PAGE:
Review: Kinder Surprise chocolate eggs
They’re an Easter season staple in Canada and in many other parts of the world, yet they’re banned in America.
And so, as a public service to our American readers – at least the ones who don’t hang out at illicit Kinder Surprise dens in the bad part of town, piecing together tiny toys while riding a sugar high – here’s a glimpse into the strange cultural experience you’ve been missing.
The Pitch: “Milk chocolate with milky lining and surprise toy.” Slightly more concerning: “Warning: Toy not suitable for children under 3 years. Small parts might be swallowed or inhaled. Adult supervision recommended.”
The Look: Like an egg wrapped in foil. The shell is a light brown milk chocolate on the outside, and has what looks like a white chocolate coating on the inside. Once you break open the egg’s shell, there’s a large plastic capsule containing a toy that requires assembly (instructions included). My toy? A DIY giraffe.
The Controversy: Some people would like to see Kinder Surprise outlawed. Why? Because there’s concern that the toys inside the egg present a choking risk. The American ban apparently has to do with placing an inedible object inside an edible object; it’s a curious complaint, considering the popularity of perfectly legal foods like chicken wings or fortune cookies. Is the concern legitimate? Sure. But if you buy a candy with a choking-hazard warning on it, you’re probably not going to let your kid eat it on his/her own.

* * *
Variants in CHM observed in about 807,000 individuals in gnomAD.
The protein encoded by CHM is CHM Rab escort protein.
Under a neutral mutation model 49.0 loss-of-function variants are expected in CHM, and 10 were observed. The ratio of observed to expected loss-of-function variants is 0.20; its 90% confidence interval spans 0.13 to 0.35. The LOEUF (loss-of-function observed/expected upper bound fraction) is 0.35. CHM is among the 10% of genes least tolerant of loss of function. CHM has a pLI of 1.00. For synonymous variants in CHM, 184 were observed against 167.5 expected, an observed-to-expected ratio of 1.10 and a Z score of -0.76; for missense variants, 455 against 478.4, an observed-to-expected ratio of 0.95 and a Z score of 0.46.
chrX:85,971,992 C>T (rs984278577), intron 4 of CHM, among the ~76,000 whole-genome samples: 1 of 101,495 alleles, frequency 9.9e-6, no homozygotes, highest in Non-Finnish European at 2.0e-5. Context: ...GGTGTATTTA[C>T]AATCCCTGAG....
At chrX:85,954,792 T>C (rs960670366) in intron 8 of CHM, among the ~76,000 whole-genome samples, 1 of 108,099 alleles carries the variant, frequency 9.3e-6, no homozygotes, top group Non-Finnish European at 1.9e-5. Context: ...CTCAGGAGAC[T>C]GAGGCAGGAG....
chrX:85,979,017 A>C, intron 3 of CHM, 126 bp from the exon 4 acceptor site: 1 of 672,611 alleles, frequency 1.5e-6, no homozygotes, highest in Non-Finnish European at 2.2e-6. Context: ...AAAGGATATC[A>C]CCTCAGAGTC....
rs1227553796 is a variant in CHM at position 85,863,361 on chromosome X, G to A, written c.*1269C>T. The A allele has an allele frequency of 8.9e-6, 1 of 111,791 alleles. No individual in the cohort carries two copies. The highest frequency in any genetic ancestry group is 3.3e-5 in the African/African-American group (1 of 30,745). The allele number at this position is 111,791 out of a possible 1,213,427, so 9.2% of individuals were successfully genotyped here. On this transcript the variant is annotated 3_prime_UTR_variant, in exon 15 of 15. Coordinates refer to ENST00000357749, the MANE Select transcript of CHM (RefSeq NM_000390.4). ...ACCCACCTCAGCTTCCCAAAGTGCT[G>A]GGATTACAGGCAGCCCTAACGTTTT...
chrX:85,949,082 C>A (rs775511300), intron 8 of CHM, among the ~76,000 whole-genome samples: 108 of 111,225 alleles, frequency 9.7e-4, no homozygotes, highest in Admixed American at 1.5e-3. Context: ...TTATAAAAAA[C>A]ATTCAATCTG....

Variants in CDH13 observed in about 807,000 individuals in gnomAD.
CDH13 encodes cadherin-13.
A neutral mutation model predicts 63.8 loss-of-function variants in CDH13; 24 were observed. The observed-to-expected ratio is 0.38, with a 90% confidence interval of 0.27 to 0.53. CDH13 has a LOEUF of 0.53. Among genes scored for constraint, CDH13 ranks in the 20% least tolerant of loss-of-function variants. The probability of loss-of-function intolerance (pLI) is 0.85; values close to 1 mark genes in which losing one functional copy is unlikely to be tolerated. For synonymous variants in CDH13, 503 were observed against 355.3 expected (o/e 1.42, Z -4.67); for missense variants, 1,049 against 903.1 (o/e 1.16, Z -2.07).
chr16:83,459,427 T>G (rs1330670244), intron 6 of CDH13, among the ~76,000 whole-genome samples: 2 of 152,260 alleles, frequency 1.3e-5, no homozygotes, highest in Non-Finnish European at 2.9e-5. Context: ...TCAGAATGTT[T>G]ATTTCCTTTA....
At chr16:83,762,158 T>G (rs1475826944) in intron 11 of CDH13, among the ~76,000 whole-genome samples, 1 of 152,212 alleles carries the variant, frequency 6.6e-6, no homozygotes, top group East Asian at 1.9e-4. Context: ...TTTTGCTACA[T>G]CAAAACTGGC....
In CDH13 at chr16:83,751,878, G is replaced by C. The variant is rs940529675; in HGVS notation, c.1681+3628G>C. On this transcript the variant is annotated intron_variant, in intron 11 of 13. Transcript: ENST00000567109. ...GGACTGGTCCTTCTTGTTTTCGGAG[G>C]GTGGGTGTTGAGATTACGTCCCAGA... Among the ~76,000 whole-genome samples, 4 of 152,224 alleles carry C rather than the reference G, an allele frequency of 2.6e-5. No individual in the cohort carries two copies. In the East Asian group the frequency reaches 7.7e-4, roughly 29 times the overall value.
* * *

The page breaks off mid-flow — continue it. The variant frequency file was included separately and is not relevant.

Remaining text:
The Taste: Sweet, milky and waxy, and there’s not much of it. If you’re buying this for the chocolate, you’re nuts.
RATINGS AND DETAILS
Cost: $1.40 for a 20 gram egg at Safeway in Calgary.
Value for cash money: Meh.
Availability: Supermarkets, corner stores, pharmacies, etc.
Nutrition?: No idea. The wrapper simply says: “Nutrition facts: Please contact us by mail.”
The verdict: Despite its status as a cherished object of nostalgia, let’s call a spade a spade: It’s a crappy toy (there, I said it) wrapped in some mediocre chocolate. As for America: I love you, but you have a choice: either allow these across your border, or kindly request that your politicians and talk-radio blowhards stop accusing other countries of being freedom-hating socialist nanny states.